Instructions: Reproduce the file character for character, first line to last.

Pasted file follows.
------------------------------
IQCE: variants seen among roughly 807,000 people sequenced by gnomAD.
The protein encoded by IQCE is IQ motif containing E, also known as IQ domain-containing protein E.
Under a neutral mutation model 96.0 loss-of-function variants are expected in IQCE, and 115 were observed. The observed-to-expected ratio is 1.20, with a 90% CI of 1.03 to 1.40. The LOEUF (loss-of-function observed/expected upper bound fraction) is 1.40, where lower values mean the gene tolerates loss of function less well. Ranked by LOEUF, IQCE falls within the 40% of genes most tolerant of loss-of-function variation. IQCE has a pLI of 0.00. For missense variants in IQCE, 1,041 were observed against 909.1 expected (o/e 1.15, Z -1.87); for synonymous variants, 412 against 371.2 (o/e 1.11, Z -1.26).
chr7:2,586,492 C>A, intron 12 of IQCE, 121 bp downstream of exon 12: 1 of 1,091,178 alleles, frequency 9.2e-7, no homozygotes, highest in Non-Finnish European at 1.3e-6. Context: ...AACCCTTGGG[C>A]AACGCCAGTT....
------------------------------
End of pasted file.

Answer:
IQCE: variants seen among roughly 807,000 people sequenced by gnomAD.
The protein encoded by IQCE is IQ motif containing E, also known as IQ domain-containing protein E.
Under a neutral mutation model 96.0 loss-of-function variants are expected in IQCE, and 115 were observed. The observed-to-expected ratio is 1.20, with a 90% CI of 1.03 to 1.40. The LOEUF (loss-of-function observed/expected upper bound fraction) is 1.40, where lower values mean the gene tolerates loss of function less well. Ranked by LOEUF, IQCE falls within the 40% of genes most tolerant of loss-of-function variation. IQCE has a pLI of 0.00. For missense variants in IQCE, 1,041 were observed against 909.1 expected (o/e 1.15, Z -1.87); for synonymous variants, 412 against 371.2 (o/e 1.11, Z -1.26).
chr7:2,586,492 C>A, intron 12 of IQCE, 121 bp downstream of exon 12: 1 of 1,091,178 alleles, frequency 9.2e-7, no homozygotes, highest in Non-Finnish European at 1.3e-6. Context: ...AACCCTTGGG[C>A]AACGCCAGTT....